An idol is not just a piece of stone art. For the spiritually ingrained mind of Nepalese, an idol is God or Goddess itself. Nepal is the land where every family has its own Gods called Kul deuta, where the Gods reside amidst the people in temples throughout the human settlements in villages and particularly in Kathmandu valley. And even now, people honor the god Kumar by placing his symbols at the entrance of their homes. 

That is why It is not incomprehensible for any Nepali to relate to the emotional response of an Assistant Professor Dr. Sweta Gyanu Baniya when she came across an ancient Nepali artifact in Chicago. She became emotionally overwhelmed and started praying spontaneously, as any devote Nepali would. She felt the injustice of the situation from her heart so she photographed the golden copper necklace that used to adorn Goddess Taleju Bhawani in Kathmandu until 1970. Then she shared on Twitter, which started a movement for its repatriation. The Nepal government officials took notice and contacted the Art Institution of Chicago, which has yet to respond to the query, and the request for its return. New-in-24 reports that the Metropolitan Museum in New York returned several statues of the god Shiva in 2018. The same is expected of all the artifacts that disappeared from Nepal since 1950. 

What this incident is a tip of an iceberg. Upon delving behind this issue, we discover that drug and cultural artifacts smuggling used to the biggest criminal activities in Nepal back in the 1970s. It was a big black eye for the Panchayat regime back then. This nefarious trade became public knowledge when an unseemly incident took place in 1986. A firebrand fearless journalist named Padam Thakurathi was shot in the head when he was sleeping. The intent was to kill him, no doubt. 

When the mystery unraveled, it implicated the higher ups in the echelon of power in Nepali politics and even involved members of the royal family. Mr. Thakurathi was the only journalist who stood for the truth and published about such criminal activities that accused the involvement of top level police officers, bureaucrats in collusion with the royals. 

He has even said that there was not a single original idols left in the temples. Not only the idols but also the sacred books and artistic tundals were also smuggled through the airport where none of the royal family members had to undergo any inspection. It was a case of “absolute power corrupts absolutely.” This reality has been forgotten by the current generation. Thakurathi had read the news about Nepal officials to 1984 Olympics being arrested in the USA and published the same in Nepali newspaper. That was too much for the power to digest. Consequently, his murder plot was hatched and implemented.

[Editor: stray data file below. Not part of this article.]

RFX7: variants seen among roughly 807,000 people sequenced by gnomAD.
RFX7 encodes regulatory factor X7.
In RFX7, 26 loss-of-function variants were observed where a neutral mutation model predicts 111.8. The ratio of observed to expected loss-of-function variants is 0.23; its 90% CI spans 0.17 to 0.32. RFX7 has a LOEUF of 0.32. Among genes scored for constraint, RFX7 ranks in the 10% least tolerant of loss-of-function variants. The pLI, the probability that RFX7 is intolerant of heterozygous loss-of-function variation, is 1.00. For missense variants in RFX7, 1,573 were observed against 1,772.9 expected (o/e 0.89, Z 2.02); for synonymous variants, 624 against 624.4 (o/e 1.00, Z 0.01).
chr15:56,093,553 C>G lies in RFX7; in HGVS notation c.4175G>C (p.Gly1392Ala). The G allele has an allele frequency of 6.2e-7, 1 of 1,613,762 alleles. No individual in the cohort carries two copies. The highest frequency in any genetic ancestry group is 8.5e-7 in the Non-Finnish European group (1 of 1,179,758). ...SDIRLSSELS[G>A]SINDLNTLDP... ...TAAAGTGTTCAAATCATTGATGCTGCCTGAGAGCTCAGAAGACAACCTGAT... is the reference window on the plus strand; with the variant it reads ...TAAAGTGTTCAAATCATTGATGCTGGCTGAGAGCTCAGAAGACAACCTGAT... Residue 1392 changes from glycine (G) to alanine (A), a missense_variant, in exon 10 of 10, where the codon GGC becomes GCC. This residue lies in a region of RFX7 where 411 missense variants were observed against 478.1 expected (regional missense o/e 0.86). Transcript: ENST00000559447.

The mystery behind the disappearance of cultural and spiritual artifacts of Nepal has one simple explanation. There was a sinister hand of the power-holders of the Panchayat era taking advantage of their hold in all the administrative agencies.  

In its report, Al Jazeera reports the email it received from an activist group working for the repatriation of such stolen artifacts: “We have seen empty temples, empty shrines, empty pedestals and torn toranas everywhere” in the Kathmandu valley.” Fortunately, Nepalese are now spread all over the world and they have far more capabilities to discern and support preservation of our natural heritage that were sold off by the ruling class in the 1970s and 80s. 

As the movement picks up steam for repatriation of the colonial era loot from the African and Asian countries to the Western nations, the world is reacquainted of the inhumane and savage policies of the West towards the more ancient civilizations. We can have hope that the current artifact in question, the necklace of Goddess Taleju, will also be returned to the temple in the near future. For that to happen we have to increase pressure in the social media, and increase our vigilance as shown by Dr. Sweta Gyanu Baniya, who should feel proud that she made a great contribution in an international struggle to right the wrongs done by the corrupt powerful people of Nepal during the Panchayat era, giving bad name to the system. 

Such corruption resulting from unchecked power can be attributed to the people’s revolt against that system, not only the foreign designs that are cited by learned scholars and analysts. It is always up to the vigilant citizens to wake us up. May there be more such actively involved Nepalese. 


The writer is a graduate of Arizona State University in Political Science. He is working as a social activist and motivational speaker for students across Nepal since 2007. 

The views and opinions expressed in this article are those of the author and do not necessarily reflect the official policy or position of Nepalisite.

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